Exploring the Relationship between Changes in Accounting Policies and Valuation of Australian Banking Firms

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Haider, Syed (2015) Exploring the Relationship between Changes in Accounting Policies and Valuation of Australian Banking Firms. PhD thesis, Victoria University.


The Australian Accounting Standards Board (AASB) and the International Accounting Standards Board (IASB) state in their objectives that they are committed to producing quality accounting standards in the public interest to enhance the decision usefulness of accounting information. Cooperation between the AASB and IASB began in aid of the development of internationally accepted Australian accounting standards after the issuance of Policy Statement 6, ‘International Harmonisation Policy’, in 1996. The AASB adopted a two-pronged approach to changing Australian accounting standards: it introduced changes in accounting standards for issues not covered in international accounting standards, and also adopted international accounting standards to provide decision-useful information to the users of financial statements. The introduction of new accounting standards and changes to the existing standards affected the financial statements of firms, including Australian banking firms. Firms that are affected by the introduction of new accounting standards or changes in accounting standards are required to provide complete disclosure of both quantitative and qualitative information to improve the economic decision making of the users. However, the concept of users in the conceptual framework is narrowly focused on the information needs of investors as the users of accounting information. Investors rely on the recommendations of financial analysts for investment decisions, and financial analysts value firms by using accounting information as input for valuation models to generate recommendations to buy, sell or hold decisions for investors. The objective of this research is to investigate the impact of changes in accounting policies on the forecasted values of Australian banking firms for the period 1997–2007. The objective is not to predict forecasted share prices accurately, but rather to use forecasted share prices generated through the use of various valuation models used by financial analysts to identify whether changes in accounting policies due to the changes in accounting standards have resulted in decreases in forecasting error.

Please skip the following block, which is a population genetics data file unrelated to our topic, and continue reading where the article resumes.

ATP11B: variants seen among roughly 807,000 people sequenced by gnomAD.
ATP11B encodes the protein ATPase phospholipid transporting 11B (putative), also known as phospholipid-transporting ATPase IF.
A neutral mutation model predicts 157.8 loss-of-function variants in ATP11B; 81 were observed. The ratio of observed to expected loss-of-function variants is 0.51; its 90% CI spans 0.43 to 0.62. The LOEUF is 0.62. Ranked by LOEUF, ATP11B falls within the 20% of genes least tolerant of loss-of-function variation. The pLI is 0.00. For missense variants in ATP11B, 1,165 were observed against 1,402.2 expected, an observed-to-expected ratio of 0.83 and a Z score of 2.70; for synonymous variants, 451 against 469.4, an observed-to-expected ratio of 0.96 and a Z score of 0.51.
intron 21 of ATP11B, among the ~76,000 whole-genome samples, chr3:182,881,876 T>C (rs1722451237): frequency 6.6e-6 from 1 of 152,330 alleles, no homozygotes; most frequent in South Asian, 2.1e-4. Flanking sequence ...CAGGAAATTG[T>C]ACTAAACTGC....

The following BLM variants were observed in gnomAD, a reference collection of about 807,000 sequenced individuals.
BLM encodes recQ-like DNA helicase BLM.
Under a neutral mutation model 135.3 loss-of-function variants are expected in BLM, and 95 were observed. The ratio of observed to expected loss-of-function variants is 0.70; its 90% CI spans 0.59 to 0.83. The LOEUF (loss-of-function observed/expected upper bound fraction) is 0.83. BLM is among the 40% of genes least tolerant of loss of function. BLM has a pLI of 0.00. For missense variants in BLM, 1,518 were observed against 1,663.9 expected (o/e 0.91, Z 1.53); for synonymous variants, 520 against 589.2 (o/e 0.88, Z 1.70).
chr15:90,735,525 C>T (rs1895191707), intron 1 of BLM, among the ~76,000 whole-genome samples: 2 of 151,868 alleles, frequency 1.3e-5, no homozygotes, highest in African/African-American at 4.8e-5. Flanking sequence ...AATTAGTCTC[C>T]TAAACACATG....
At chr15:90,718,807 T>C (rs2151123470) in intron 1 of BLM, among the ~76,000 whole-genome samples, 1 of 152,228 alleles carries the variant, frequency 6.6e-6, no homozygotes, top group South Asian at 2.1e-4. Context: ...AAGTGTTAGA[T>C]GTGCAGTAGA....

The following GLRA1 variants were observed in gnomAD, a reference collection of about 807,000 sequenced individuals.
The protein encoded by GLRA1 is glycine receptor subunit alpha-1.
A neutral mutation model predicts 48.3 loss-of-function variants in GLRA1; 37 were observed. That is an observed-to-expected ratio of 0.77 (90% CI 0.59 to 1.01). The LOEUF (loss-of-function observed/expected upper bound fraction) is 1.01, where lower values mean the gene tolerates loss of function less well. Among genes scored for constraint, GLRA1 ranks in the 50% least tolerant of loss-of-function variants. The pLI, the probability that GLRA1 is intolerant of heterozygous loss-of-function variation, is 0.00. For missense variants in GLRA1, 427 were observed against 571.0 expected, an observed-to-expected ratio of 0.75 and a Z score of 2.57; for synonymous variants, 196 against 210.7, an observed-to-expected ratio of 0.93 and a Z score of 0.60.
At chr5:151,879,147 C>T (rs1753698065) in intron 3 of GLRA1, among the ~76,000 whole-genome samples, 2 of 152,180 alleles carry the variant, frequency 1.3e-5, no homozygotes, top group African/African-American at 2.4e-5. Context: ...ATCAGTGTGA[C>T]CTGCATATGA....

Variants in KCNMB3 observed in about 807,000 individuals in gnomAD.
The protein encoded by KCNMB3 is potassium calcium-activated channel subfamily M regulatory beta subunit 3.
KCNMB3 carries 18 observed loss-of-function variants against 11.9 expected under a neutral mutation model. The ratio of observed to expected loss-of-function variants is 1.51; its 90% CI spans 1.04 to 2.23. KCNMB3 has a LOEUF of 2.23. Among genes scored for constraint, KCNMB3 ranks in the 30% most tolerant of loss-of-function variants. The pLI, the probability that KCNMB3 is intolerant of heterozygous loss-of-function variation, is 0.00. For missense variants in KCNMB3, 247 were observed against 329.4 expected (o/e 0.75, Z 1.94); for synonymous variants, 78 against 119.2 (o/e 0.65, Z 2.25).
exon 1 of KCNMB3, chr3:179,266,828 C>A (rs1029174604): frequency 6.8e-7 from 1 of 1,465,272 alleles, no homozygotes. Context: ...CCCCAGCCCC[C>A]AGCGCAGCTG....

Item type Thesis (PhD thesis)
URI https://vuir.vu.edu.au/id/eprint/31006
Subjects Historical > FOR Classification > 1501 Accounting, Auditing and Accountability
Historical > Faculty/School/Research Centre/Department > College of Business
Keywords banks, shares, equities, forecasts, valuation models, accounting policies, Australia
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